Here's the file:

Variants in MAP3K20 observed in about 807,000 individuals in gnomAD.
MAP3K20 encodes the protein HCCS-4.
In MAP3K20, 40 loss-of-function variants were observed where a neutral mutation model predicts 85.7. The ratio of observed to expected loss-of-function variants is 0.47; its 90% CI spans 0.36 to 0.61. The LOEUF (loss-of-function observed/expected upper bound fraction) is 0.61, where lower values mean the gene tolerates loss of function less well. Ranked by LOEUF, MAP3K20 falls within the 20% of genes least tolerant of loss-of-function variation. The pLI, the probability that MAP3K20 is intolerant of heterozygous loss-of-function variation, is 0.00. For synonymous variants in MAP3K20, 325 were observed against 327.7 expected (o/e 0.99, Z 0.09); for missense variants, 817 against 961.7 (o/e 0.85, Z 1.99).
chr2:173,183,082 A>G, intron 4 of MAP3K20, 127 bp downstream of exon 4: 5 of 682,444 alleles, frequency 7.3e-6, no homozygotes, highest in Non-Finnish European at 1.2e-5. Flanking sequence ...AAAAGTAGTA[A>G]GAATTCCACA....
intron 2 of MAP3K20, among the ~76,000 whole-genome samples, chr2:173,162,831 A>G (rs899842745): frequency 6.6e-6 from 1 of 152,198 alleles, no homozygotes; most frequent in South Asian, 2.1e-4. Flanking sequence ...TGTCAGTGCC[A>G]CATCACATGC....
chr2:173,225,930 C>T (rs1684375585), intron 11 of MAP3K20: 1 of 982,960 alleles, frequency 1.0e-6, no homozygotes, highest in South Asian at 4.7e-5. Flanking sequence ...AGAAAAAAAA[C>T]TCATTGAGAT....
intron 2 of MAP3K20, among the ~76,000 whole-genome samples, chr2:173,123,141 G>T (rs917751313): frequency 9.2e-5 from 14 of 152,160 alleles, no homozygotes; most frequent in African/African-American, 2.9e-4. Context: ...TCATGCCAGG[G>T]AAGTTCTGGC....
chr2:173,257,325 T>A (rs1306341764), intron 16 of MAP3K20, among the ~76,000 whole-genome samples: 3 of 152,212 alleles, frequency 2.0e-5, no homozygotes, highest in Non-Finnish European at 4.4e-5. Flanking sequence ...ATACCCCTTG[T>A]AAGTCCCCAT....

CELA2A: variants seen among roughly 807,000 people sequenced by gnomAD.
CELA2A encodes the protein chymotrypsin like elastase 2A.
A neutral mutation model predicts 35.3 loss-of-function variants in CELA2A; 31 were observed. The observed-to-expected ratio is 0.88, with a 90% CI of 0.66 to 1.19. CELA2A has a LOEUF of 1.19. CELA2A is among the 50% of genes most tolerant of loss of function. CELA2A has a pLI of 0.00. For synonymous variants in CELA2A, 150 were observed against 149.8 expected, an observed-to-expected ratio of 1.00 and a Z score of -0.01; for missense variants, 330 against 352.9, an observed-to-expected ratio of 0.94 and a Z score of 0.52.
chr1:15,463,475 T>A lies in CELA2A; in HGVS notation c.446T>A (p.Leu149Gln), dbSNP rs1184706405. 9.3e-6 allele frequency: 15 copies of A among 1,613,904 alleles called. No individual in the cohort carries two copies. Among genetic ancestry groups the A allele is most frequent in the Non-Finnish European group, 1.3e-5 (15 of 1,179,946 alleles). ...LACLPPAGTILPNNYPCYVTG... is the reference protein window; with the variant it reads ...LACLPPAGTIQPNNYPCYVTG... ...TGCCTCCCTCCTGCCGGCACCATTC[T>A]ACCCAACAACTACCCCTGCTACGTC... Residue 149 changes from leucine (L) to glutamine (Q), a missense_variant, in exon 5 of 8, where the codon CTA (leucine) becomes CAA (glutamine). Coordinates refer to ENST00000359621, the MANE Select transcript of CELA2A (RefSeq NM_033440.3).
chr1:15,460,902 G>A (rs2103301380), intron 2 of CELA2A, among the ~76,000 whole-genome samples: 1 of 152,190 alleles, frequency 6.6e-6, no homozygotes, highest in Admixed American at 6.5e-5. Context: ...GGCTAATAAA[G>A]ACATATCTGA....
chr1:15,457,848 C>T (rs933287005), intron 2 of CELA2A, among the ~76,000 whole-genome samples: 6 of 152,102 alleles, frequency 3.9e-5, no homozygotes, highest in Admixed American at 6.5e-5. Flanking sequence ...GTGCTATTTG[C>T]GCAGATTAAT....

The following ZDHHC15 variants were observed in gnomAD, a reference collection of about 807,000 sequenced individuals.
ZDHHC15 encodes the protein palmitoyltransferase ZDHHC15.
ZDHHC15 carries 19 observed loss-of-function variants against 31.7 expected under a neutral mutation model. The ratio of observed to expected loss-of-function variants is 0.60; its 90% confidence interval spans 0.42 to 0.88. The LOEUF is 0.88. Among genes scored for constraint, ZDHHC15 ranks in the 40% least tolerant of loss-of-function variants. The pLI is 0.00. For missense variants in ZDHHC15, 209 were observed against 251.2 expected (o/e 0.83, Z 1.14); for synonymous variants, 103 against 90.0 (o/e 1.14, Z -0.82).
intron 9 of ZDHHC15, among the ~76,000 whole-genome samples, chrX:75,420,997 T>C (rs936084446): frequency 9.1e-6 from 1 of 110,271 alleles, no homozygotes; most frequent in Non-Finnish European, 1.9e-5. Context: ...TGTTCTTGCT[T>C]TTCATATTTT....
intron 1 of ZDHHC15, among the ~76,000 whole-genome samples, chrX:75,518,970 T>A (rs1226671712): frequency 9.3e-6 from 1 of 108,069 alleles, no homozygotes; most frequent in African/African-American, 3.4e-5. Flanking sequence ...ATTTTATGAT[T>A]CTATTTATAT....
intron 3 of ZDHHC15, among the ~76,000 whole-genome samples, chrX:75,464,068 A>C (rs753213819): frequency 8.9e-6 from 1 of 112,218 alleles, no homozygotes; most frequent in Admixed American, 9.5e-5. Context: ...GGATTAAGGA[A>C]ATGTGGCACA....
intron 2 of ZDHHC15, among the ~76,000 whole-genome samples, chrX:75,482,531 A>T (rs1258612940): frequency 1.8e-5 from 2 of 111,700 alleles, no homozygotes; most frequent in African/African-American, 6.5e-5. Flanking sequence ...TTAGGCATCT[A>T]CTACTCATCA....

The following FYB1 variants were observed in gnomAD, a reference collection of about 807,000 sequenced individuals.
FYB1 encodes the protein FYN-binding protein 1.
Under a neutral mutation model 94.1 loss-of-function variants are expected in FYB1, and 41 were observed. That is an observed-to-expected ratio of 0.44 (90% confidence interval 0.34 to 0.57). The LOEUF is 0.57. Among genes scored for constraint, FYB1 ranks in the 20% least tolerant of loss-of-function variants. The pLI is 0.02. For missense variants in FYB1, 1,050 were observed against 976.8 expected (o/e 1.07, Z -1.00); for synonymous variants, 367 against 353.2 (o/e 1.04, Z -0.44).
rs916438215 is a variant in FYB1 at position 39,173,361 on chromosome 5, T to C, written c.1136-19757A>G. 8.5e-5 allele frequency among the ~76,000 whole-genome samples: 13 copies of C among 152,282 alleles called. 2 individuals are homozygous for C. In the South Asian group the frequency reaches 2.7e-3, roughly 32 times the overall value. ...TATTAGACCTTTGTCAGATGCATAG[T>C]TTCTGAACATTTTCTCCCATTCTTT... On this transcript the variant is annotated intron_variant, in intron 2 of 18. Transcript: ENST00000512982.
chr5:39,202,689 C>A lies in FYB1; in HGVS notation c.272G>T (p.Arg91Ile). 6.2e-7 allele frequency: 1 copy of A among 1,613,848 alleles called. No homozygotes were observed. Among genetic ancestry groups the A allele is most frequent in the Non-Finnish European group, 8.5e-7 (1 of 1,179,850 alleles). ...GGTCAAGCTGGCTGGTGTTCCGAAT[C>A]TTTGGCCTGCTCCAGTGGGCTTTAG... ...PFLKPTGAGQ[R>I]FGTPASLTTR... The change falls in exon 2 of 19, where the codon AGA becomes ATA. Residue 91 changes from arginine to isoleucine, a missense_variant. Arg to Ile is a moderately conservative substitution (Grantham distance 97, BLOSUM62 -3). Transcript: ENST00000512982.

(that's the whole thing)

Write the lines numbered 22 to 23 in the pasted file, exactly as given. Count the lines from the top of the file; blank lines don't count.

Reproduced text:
The following FYB1 variants were observed in gnomAD, a reference collection of about 807,000 sequenced individuals.
FYB1 encodes the protein FYN-binding protein 1.